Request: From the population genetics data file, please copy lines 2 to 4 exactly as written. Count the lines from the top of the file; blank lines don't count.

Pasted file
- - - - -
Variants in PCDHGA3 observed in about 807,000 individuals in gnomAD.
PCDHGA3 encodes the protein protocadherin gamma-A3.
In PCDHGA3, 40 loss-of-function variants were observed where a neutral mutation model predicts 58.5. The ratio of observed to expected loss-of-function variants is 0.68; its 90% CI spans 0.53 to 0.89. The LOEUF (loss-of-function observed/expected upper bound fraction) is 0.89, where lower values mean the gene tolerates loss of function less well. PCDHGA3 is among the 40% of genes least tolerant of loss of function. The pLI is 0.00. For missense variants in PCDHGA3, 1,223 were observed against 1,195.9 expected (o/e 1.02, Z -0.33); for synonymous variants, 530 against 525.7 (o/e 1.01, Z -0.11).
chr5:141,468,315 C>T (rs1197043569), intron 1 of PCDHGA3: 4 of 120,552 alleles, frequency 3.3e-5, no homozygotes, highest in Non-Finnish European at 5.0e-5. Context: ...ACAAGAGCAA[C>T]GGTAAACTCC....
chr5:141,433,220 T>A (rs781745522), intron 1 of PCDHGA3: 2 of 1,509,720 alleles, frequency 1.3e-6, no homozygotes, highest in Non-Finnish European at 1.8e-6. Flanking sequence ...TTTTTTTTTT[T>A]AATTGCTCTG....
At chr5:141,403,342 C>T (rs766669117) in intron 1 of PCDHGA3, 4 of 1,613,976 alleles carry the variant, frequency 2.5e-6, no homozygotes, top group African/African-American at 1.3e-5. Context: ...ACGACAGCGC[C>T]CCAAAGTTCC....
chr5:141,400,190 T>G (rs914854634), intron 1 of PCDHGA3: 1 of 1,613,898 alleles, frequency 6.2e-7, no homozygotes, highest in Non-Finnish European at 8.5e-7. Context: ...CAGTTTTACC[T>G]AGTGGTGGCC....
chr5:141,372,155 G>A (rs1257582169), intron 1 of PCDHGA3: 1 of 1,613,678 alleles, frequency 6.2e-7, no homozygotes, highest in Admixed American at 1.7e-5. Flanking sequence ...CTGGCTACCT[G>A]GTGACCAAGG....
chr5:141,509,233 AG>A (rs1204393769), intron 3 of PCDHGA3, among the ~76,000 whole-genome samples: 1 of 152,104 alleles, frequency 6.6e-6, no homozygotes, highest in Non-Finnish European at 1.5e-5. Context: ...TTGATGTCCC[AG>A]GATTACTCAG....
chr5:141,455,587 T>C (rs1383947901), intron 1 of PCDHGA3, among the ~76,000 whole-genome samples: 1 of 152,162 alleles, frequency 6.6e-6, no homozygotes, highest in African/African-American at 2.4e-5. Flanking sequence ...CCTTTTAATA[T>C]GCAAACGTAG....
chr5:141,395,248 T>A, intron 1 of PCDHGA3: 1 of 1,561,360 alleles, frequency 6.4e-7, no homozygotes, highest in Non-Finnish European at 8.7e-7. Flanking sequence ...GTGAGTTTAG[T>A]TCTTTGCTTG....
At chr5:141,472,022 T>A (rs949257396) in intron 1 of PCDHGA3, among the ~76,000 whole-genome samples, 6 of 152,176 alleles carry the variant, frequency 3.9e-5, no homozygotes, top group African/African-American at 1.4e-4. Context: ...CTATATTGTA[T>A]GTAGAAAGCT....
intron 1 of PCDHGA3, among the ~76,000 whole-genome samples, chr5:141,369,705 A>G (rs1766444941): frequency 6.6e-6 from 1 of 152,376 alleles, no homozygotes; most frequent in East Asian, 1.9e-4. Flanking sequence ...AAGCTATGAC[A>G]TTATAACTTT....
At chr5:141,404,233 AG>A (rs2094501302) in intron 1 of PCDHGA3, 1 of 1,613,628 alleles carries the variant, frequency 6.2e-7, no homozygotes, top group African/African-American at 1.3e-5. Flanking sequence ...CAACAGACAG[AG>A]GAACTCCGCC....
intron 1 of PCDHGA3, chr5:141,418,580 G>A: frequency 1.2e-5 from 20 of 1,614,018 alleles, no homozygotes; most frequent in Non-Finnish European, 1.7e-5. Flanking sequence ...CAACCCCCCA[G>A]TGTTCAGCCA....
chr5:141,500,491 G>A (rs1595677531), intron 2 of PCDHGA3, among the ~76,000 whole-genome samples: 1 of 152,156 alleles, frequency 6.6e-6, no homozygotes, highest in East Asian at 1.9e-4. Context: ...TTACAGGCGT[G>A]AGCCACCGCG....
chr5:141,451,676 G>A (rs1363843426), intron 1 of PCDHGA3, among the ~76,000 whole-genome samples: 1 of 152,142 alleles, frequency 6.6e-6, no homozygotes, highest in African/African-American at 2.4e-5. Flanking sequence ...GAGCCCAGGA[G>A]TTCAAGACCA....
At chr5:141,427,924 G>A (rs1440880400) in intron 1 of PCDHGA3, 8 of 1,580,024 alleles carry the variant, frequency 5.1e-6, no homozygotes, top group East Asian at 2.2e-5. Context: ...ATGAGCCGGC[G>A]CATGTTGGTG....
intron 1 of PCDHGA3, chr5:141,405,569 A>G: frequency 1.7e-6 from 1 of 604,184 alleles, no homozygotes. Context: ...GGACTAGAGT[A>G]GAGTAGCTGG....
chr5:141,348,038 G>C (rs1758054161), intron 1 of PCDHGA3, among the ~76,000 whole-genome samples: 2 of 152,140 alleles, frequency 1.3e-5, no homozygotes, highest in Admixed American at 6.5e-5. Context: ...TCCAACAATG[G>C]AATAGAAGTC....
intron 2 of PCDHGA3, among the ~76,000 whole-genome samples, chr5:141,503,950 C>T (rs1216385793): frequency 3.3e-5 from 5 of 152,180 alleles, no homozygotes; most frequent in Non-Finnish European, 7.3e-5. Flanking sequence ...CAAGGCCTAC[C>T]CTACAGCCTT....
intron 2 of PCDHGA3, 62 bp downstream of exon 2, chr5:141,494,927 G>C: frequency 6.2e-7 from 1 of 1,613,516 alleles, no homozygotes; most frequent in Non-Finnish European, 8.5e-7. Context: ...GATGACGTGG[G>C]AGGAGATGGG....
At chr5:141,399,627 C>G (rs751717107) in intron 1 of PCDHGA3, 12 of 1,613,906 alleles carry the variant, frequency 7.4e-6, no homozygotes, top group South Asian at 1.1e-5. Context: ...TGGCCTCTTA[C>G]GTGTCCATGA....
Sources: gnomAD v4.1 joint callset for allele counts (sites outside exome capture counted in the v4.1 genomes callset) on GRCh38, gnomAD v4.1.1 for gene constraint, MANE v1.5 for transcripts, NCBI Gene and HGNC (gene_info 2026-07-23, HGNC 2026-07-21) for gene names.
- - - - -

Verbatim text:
PCDHGA3 encodes the protein protocadherin gamma-A3.
In PCDHGA3, 40 loss-of-function variants were observed where a neutral mutation model predicts 58.5. The ratio of observed to expected loss-of-function variants is 0.68; its 90% CI spans 0.53 to 0.89. The LOEUF (loss-of-function observed/expected upper bound fraction) is 0.89, where lower values mean the gene tolerates loss of function less well. PCDHGA3 is among the 40% of genes least tolerant of loss of function. The pLI is 0.00. For missense variants in PCDHGA3, 1,223 were observed against 1,195.9 expected (o/e 1.02, Z -0.33); for synonymous variants, 530 against 525.7 (o/e 1.01, Z -0.11).
chr5:141,468,315 C>T (rs1197043569), intron 1 of PCDHGA3: 4 of 120,552 alleles, frequency 3.3e-5, no homozygotes, highest in Non-Finnish European at 5.0e-5. Context: ...ACAAGAGCAA[C>T]GGTAAACTCC....